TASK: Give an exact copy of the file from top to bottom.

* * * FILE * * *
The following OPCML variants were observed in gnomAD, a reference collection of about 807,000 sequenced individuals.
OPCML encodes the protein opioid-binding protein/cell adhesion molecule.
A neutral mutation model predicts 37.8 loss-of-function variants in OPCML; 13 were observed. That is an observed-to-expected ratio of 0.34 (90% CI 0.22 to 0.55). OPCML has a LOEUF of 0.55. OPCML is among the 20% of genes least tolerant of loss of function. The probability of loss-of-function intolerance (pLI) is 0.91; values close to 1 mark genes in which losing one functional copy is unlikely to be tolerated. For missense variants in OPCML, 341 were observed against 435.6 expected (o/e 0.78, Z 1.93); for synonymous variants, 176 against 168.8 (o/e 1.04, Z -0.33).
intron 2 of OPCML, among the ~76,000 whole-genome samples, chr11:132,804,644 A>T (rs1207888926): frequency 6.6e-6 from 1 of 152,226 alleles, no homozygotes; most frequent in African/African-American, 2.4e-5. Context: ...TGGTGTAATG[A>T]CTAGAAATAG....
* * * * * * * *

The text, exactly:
The following OPCML variants were observed in gnomAD, a reference collection of about 807,000 sequenced individuals.
OPCML encodes the protein opioid-binding protein/cell adhesion molecule.
A neutral mutation model predicts 37.8 loss-of-function variants in OPCML; 13 were observed. That is an observed-to-expected ratio of 0.34 (90% CI 0.22 to 0.55). OPCML has a LOEUF of 0.55. OPCML is among the 20% of genes least tolerant of loss of function. The probability of loss-of-function intolerance (pLI) is 0.91; values close to 1 mark genes in which losing one functional copy is unlikely to be tolerated. For missense variants in OPCML, 341 were observed against 435.6 expected (o/e 0.78, Z 1.93); for synonymous variants, 176 against 168.8 (o/e 1.04, Z -0.33).
intron 2 of OPCML, among the ~76,000 whole-genome samples, chr11:132,804,644 A>T (rs1207888926): frequency 6.6e-6 from 1 of 152,226 alleles, no homozygotes; most frequent in African/African-American, 2.4e-5. Context: ...TGGTGTAATG[A>T]CTAGAAATAG....